Fund managers presiding over balanced funds may still rule the roost in Ireland, but a growing disillusion with the inconsistent performance most give is luring pension funds to pastures new, consultants say.
The asset management arms of the two largest banks in Ireland – Allied Irish Bank Investment Managment and Bank of Ireland Asset Management – and Ulster Bank Investment Management together manage more than 70% of the pension fund universe.
Bank of Ireland alone manages nearly 40%, but its performance has been disappointing of late, says Philip Shier of consultant Delaney Bacon & Woodrow. He attributes this relative underperformance to a US strategy that has proved too defensive. But things may be looking up. Consultants say Bank of Ireland lost clients in 1998 year but gained last year.
AIBIM, described as BIAM’s mirror image, has made certain personnel changes in the last couple of years, says Shier, and this has improved performance.
“Ulster Bank went through a rocky patch in 1995, but since personnel changes, it has been one of the most consistent performers,” says Shier.
Heading the league tables almost consistently since its inception in 1990 has been Eagle Star, say consultants. However, very recently, performance has dropped off, says Shier. “They took the wrong view on the euro against the US dollar, and hedged their exposure the wrong way,” he says.
Consulting actuary Paddy Maher believes there could be risks inherent in Eagle Star’s strategy. It is likely to have a higher risk-reward profile than other managers, making more use of derivative instruments, he says.
Friends First has been winning new business recently. First, the investment arm of Friends Provident in Ireland, has been picking up quite a bit of market share, says Shier.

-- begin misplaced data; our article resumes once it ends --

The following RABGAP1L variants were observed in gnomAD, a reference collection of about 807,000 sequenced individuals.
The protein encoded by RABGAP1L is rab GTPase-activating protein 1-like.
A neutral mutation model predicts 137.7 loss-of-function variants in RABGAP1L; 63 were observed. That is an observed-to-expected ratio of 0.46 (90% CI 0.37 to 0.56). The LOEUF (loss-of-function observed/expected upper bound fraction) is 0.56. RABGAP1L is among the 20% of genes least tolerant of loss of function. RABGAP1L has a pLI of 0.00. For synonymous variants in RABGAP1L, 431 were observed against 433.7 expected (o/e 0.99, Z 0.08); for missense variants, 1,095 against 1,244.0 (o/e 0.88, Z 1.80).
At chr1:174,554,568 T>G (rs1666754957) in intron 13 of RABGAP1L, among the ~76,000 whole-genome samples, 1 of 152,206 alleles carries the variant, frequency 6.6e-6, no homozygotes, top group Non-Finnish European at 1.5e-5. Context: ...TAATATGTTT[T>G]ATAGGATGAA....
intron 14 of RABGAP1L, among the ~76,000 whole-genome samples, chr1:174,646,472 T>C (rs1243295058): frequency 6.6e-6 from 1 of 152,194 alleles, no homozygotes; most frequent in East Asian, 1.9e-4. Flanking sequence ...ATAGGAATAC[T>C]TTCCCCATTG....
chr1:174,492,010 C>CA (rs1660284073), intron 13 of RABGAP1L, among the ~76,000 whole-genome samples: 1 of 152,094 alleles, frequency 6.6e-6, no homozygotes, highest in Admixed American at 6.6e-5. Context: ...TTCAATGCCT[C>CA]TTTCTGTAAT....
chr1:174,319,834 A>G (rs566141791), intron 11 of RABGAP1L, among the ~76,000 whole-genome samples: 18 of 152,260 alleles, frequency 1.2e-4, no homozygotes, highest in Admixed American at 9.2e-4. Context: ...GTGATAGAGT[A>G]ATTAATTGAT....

However, Standard Life has been much too bearish in the market over the past 18 months, he says, although in the long term, particularly its equities record has been good.
Consensus funds have been gaining popularity as an investment medium among Irish pension funds, with Irish Life leading the way. Trustees of defined contribution schemes in particular have favoured consensus funds, say consultants, and there are now five providers of passive funds in the market – Irish Life, Canada Life, Friends First, Norwich Union and, most recently, BIAM.
Consensus funds have brought Irish Life back to the front of the investment stage. Having lost a lot of active business because of a few years of bad performance, the manager has been gaining overall because of the popularity of consensus funds, consultants say.
“Popularity of fund managers seems to go in cycles, traditionally,” says Evelyn Ryder of Watson Wyatt. “It depends whether they are growth or value managers. Irish Life was a value manager, and this is why it did badly,” she says.
Maher says he believes investment performance is random anyway. “If you are going to index, then at that stage it becomes a commodity, so cost become very much the key factor,” he says.
And it is only a matter of time before foreign fund managers enter the fray. At the moment, overseas managers look after just over 6.5% of Irish pension fund assets. But now that Ireland is part of the single-currency zone within Europe, an investment rebalancing is taking place. Already, some fund managers from outside Ireland have come in on a specialist mandate such as global equities.
“I think the local managers are not just competing against themselves, but they need to be looking over their shoulders too,” says Shier.
It is this disappointment with traditional balanced management which has led to an increase in curiosity about specialist management, says Deborah Reidy of Mercer. “Trustees are looking for something which will provide stable performance in the future,” she says.
In the past, Irish fund managers have made large asset allocation calls which have simply not worked. “Most managers are not good at everything – you take away some of the variables when you use a specialist,” she says.
However, since a fund has to be a certain size to consider specialist mandates, the vast majority of funds have always been balanced.
As the international players move in, will Ireland’s asset managers cast their nets wider? Although they are not as yet taking in significant volumes of business from foreign pension funds, some Irish fund managers have done a good job winning an international profile, says Reidy, citing the Bank of Ireland, AIB, Ulster Bank, Irish Life, and Standard Life.